Tony Zanetta - talking Andy Warhol, David Bowie, Pork & much much more
Tony Zanetta is a foundational gure in the history of 1960s and ’70s underground New York and London, and thereafter a secret in uence on all the androgyny in punk and rock music, the radical queerness in theater, the marrying of camp and pomp on stage and in lm... all the multifarious worlds that sprang up—and that continue to do so— lled with inspiration from those heady times. Zanetta was an actor in the off-off-Broadway movement that gained full force in the radical theater of the Play-House of the Ridiculous and Company One (Through Seven). He was present as the habitués of the original Silver Factory speed-rapped at Max’s Kansas City. Later, he saw the nascent punk scene taking form at the Mercer Arts Center. He starred as the man himself in Andy Warhol’s 1971 play Pork, a New York sensation that traveled to London, where it was digested whole by Hunky Dory–era David Bowie. Soon, Zanetta found himself tour-managing Bowie’s Ziggy Stardust global tour. As Bowie and Zanetta became con dants, he and other Pork stars formed the nucleus of MainMan, the production company whose clients included Bowie, Iggy Pop, Dana Gillespie, and Mott the Hoople.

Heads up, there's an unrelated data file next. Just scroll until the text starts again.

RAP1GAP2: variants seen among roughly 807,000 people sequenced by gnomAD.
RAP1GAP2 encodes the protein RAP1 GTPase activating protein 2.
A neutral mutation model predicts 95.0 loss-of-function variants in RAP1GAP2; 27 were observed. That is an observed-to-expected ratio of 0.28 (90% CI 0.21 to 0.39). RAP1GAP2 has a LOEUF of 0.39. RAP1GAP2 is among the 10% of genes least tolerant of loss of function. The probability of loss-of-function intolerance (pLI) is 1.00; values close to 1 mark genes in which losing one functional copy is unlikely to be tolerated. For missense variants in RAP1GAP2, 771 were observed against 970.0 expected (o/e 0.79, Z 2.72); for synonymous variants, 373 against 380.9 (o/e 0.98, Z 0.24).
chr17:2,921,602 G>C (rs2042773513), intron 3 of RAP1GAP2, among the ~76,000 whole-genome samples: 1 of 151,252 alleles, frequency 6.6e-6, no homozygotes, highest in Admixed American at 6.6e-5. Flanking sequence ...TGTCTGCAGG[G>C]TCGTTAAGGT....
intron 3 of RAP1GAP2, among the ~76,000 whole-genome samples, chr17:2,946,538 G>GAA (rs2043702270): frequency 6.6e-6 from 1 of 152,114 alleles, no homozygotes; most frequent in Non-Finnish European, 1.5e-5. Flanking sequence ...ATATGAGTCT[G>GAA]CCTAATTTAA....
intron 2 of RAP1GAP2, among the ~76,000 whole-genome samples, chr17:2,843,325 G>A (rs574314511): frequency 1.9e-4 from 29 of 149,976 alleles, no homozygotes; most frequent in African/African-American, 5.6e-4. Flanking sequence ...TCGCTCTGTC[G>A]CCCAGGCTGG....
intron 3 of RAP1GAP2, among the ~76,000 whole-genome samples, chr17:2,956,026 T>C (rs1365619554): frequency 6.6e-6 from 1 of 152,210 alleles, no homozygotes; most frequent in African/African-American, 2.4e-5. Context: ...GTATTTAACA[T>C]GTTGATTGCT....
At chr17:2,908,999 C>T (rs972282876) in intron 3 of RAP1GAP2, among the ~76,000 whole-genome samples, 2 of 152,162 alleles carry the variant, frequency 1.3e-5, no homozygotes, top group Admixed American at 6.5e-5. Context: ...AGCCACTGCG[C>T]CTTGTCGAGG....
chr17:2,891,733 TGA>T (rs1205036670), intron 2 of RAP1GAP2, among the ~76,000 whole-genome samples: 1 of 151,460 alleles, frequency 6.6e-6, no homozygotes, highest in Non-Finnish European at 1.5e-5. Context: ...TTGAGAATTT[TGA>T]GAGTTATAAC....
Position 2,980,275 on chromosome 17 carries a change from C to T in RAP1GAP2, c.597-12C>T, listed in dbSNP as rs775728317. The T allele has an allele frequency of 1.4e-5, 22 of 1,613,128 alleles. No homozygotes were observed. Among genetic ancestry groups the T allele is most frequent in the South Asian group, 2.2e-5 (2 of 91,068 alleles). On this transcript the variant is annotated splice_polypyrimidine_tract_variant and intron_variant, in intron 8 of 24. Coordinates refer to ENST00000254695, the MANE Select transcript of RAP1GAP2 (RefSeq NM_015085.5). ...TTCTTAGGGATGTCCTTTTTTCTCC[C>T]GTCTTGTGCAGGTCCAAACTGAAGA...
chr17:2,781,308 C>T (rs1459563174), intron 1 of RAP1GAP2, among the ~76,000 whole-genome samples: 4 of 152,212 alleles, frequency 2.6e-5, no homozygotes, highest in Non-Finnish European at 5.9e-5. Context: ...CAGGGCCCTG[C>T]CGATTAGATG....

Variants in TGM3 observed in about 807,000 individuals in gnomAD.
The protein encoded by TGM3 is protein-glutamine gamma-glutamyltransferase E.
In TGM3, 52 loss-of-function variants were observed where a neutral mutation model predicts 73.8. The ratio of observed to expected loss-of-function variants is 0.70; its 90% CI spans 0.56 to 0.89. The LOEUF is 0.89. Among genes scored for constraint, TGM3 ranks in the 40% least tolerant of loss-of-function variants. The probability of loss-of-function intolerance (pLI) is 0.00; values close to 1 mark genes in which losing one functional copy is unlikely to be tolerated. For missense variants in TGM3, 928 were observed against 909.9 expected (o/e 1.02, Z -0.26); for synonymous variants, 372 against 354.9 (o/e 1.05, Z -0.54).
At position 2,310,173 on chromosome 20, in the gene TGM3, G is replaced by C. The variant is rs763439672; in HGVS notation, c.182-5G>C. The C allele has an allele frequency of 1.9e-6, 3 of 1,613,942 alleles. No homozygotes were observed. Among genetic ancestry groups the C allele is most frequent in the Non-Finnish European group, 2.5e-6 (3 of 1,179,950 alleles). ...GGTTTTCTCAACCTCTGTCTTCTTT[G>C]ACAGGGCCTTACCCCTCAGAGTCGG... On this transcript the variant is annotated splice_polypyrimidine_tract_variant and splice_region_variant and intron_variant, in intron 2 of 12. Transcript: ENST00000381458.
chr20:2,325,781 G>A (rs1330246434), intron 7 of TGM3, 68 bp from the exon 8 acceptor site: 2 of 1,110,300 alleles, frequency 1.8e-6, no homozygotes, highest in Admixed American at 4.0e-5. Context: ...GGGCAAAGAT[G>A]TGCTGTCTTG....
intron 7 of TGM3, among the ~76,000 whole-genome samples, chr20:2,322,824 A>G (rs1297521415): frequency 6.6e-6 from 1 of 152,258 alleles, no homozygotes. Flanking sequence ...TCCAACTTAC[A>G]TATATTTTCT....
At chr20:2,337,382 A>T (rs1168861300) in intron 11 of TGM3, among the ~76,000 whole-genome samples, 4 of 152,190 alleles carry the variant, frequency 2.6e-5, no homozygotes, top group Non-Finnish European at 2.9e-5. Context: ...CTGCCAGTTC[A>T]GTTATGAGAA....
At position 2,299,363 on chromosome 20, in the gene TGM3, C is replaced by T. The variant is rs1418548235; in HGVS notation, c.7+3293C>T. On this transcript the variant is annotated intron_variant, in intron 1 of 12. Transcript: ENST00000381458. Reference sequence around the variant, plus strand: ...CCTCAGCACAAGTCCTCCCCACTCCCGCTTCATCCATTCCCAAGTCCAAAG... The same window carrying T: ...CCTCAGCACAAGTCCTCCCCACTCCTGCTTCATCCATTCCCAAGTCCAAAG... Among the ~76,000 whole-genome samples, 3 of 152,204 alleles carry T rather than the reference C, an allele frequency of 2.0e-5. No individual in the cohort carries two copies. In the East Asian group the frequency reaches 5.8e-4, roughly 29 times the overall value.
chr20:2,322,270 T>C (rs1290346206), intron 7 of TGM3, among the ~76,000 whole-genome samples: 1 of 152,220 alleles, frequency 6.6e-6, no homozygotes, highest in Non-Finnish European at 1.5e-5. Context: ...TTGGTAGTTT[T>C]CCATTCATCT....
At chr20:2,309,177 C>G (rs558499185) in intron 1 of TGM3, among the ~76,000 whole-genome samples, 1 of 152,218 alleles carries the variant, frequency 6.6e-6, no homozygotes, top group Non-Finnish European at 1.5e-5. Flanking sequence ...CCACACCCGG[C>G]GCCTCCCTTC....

The conversation below is excerpted from a larger body of interviews between Zanetta and the writer Steve Lafreniere. Here, Steve and Tony talk at length about the through line of New York underground theater, the bisexual chic of Bowie and the New York Dolls, and the radical queens of days gone by.